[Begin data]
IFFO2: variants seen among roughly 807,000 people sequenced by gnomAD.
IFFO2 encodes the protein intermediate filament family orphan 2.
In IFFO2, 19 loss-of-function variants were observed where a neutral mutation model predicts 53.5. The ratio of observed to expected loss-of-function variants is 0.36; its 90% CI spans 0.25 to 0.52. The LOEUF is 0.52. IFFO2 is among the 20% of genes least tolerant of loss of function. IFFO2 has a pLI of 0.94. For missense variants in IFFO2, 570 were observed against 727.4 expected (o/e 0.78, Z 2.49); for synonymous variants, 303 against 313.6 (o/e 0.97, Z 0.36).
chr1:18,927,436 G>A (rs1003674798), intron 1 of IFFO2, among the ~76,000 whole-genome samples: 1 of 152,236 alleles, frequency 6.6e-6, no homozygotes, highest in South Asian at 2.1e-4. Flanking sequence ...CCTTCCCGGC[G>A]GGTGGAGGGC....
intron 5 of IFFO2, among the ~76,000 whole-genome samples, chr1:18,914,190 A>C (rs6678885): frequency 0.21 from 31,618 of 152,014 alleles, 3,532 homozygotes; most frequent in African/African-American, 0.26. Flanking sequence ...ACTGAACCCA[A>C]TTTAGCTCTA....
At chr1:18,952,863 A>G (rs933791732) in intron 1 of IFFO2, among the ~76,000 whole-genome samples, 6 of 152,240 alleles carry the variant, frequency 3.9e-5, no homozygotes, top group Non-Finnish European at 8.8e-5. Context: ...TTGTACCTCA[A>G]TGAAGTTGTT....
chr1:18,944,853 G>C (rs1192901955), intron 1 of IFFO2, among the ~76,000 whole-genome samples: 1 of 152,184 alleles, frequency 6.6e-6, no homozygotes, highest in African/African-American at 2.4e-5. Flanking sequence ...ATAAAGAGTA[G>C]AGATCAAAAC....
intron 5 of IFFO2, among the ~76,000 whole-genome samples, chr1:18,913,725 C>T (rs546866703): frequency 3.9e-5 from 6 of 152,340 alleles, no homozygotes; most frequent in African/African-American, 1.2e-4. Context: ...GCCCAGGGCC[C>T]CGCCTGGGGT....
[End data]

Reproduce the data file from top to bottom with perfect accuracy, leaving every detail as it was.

IFFO2: variants seen among roughly 807,000 people sequenced by gnomAD.
IFFO2 encodes the protein intermediate filament family orphan 2.
In IFFO2, 19 loss-of-function variants were observed where a neutral mutation model predicts 53.5. The ratio of observed to expected loss-of-function variants is 0.36; its 90% CI spans 0.25 to 0.52. The LOEUF is 0.52. IFFO2 is among the 20% of genes least tolerant of loss of function. IFFO2 has a pLI of 0.94. For missense variants in IFFO2, 570 were observed against 727.4 expected (o/e 0.78, Z 2.49); for synonymous variants, 303 against 313.6 (o/e 0.97, Z 0.36).
chr1:18,927,436 G>A (rs1003674798), intron 1 of IFFO2, among the ~76,000 whole-genome samples: 1 of 152,236 alleles, frequency 6.6e-6, no homozygotes, highest in South Asian at 2.1e-4. Flanking sequence ...CCTTCCCGGC[G>A]GGTGGAGGGC....
intron 5 of IFFO2, among the ~76,000 whole-genome samples, chr1:18,914,190 A>C (rs6678885): frequency 0.21 from 31,618 of 152,014 alleles, 3,532 homozygotes; most frequent in African/African-American, 0.26. Flanking sequence ...ACTGAACCCA[A>C]TTTAGCTCTA....
At chr1:18,952,863 A>G (rs933791732) in intron 1 of IFFO2, among the ~76,000 whole-genome samples, 6 of 152,240 alleles carry the variant, frequency 3.9e-5, no homozygotes, top group Non-Finnish European at 8.8e-5. Context: ...TTGTACCTCA[A>G]TGAAGTTGTT....
chr1:18,944,853 G>C (rs1192901955), intron 1 of IFFO2, among the ~76,000 whole-genome samples: 1 of 152,184 alleles, frequency 6.6e-6, no homozygotes, highest in African/African-American at 2.4e-5. Flanking sequence ...ATAAAGAGTA[G>C]AGATCAAAAC....
intron 5 of IFFO2, among the ~76,000 whole-genome samples, chr1:18,913,725 C>T (rs546866703): frequency 3.9e-5 from 6 of 152,340 alleles, no homozygotes; most frequent in African/African-American, 1.2e-4. Context: ...GCCCAGGGCC[C>T]CGCCTGGGGT....